Flexibility? Feeling familiar with the term? Is it about implementing youth programme in a different way? In a new setup? Does it refer to recruiting new members? How can it ensure greater quality of the programme and activities you offer to young people? Finally, what does “being flexible” mean in 21st century’s scouting?

Relax! You don’t need to take a course on flexibility; moreover, you will find nothing about it in libraries or old scout handbooks. It is, however, something that can be witnessed everywhere and probably something you are already experiencing, without being quite aware of the value it can add to your everyday scout life.

Actually, flexibility is related to effectiveness and efficiency of scouting. Doing things in the same, planned manner is not always possible, and every scout leader is very well aware of that. In fact, it is not always even the most desirable option. On the contrary, introducing a “new approach” can have a very positive impact on the dynamic and effect on the activity or the programme.

For example, once they realised that their leaders do not have enough time or resources for physical meetings, many scout groups throughout Europe started practicing regular Skype conference calls- a cost-effective way of working from your phone, laptop, work, home, even from the park. E-learning opportunities for leaders soon developed. You can easily attend a training module on leadership even if you do not have the time to go to a training site.

Having problems with your members being too addicted to iPhones and Androids? Happens everywhere! Some scout groups are developing online applications where members can learn how to tie knots, make a fire, learn about the Ceremony procedures and finally, download the materials for their next meeting! And guess what- scouts were using social media so much, that leaders decided not to ignore it, but have fully introduced it into everyday scouting. The World Scout Bureau has also developed a mobile app where you can easily follow latest news in world scouting- while on a bus, train, walking, or just having a short break from work.

Remember training modules? Yes, after realising that not everyone can have 10 days to go to a training site, some NSOs in Europe have developed a modular training system- that still allows a person to get all the knowledge and skills needed for a specific position in the organisation- simply by taking several modules- each lasting for couple of hours. In fact, if a person is changing the position, he/she does not have to re-take the whole training again, but just complete the remaining modules.

When some NSOs realised that not all of the leaders were fully aware of the new programme that had just been adopted, they decided to go around the country and have mini introductory sessions and talks with scout unit leaders. This helped explaining what has changed and, more important, why did the change happen. Leaders felt taken care of, understood and supported the new ideas and received full support from the National level to adapt to the changes in the programme.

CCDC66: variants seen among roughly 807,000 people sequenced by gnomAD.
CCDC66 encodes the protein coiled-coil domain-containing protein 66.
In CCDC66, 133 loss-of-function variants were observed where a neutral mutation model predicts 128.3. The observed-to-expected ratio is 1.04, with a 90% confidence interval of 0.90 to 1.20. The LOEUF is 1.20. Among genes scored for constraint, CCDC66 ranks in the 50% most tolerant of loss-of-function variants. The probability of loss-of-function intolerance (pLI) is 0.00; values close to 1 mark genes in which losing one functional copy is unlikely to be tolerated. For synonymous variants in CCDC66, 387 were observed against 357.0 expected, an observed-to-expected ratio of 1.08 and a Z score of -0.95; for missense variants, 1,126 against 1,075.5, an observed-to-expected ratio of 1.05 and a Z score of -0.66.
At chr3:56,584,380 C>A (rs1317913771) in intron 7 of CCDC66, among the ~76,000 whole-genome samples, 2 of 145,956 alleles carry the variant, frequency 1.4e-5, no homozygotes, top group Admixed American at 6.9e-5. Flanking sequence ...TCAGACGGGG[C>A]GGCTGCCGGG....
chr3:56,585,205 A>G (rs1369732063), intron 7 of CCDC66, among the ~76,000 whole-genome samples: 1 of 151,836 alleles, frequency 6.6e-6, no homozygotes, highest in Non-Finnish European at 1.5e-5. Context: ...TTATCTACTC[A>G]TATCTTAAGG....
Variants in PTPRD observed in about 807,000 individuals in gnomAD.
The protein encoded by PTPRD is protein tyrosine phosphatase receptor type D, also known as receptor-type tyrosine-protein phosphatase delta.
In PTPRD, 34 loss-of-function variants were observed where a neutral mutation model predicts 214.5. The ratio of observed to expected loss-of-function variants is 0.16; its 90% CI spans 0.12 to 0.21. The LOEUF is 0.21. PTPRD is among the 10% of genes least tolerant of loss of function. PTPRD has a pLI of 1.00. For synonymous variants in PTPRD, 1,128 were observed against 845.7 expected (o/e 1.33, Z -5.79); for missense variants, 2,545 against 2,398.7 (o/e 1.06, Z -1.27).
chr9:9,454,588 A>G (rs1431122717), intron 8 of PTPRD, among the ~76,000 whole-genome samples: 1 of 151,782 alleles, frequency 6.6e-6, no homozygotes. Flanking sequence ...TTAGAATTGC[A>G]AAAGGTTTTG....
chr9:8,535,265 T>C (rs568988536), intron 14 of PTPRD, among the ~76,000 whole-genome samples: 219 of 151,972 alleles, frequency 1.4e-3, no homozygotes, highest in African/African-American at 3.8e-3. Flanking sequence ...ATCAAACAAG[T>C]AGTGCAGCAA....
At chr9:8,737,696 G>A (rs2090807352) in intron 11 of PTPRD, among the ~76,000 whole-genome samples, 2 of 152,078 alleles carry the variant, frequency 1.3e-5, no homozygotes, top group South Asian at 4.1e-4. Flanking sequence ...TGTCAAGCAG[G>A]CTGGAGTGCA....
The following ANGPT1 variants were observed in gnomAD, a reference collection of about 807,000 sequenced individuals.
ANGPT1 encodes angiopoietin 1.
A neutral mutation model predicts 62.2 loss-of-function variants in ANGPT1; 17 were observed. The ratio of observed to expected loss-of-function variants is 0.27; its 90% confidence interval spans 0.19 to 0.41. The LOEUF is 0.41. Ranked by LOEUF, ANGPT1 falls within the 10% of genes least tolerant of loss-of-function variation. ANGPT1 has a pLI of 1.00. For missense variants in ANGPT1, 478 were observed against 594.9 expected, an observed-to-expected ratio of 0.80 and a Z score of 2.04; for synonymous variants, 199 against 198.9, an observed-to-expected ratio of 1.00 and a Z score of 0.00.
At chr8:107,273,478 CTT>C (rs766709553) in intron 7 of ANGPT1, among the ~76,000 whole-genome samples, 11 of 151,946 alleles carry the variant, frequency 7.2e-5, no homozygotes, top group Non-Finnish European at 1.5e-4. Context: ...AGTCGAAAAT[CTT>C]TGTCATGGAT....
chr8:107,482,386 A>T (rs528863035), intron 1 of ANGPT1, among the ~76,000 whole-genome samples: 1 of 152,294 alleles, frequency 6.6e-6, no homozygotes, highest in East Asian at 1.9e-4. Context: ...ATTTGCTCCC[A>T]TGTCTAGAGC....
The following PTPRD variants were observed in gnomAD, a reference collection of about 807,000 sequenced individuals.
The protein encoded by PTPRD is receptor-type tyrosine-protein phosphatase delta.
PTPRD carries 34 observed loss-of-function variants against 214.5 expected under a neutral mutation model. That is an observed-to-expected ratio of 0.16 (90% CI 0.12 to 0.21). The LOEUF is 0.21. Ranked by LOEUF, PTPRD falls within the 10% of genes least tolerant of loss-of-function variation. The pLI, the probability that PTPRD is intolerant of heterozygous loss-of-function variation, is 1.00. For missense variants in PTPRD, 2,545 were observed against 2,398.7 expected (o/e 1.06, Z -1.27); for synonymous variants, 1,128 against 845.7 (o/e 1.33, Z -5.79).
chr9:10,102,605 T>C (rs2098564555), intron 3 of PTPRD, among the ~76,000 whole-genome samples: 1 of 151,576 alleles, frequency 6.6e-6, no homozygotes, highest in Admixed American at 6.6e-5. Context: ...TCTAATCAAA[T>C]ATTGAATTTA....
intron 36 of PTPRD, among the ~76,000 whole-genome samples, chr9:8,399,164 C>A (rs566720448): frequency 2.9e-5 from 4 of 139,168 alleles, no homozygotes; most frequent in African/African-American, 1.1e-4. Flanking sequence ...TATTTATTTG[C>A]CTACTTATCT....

You need more adult volunteers? Why not try saying so? Some NSOs are following the trend that other NGOs are succeeding in- announce that you need volunteers for a specific activity or a specific position. You do not have to expect them to be with you for the rest of their lives, but they can help you with an activity, a camp, a project. For many people it will be a rewarding experience, which they often do not have the opportunity to find elsewhere. That is why scouting is so open!

Often faced with a question- how and where can I join scouting? Some NSOs have a full list of all (yes, you read it correctly, all!) scout unit leaders, their contact information, scout unit location and the meeting time- online. Any parent can easily access it- even via phone. Or sms?

Uniforms? Always a tough one! Doesn’t have to be. Just listen to your scout group members. They are not always very comfortable when asked to wear official uniform clothes all day in nature. They might want to pick a colour themselves- it can help the teambuilding. They might even want to make their own shirts. Well, you feel like a scout even without a uniform, right?

In the end, our ability to adapt to new challenges and different environments very much depends on our openness to flexible ways of delivering scouting. And, back to the 21st century’s scouting- a piece of important information on it- It happens in the 21st century!- an era full of surprises, where only change is constant and contradictions are to be anticipated!

But you are not alone in this. If you need any more information or support, do not hesitate to let us know. Or if you want to share your ideas and examples of flexible delivery of youth programme and training, you can find us on twitter, facebook, via email to Jordan Bajraktarov (jbajraktarov@scout.org).

Written by Mariana Fragkou and Milena Pecarski


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Jordan Bajraktarov
About The Author

Jordan Bajraktarov

Jordan is a Director of Organisational Development at the World Scout Bureau - Europe Support Centre, Geneva

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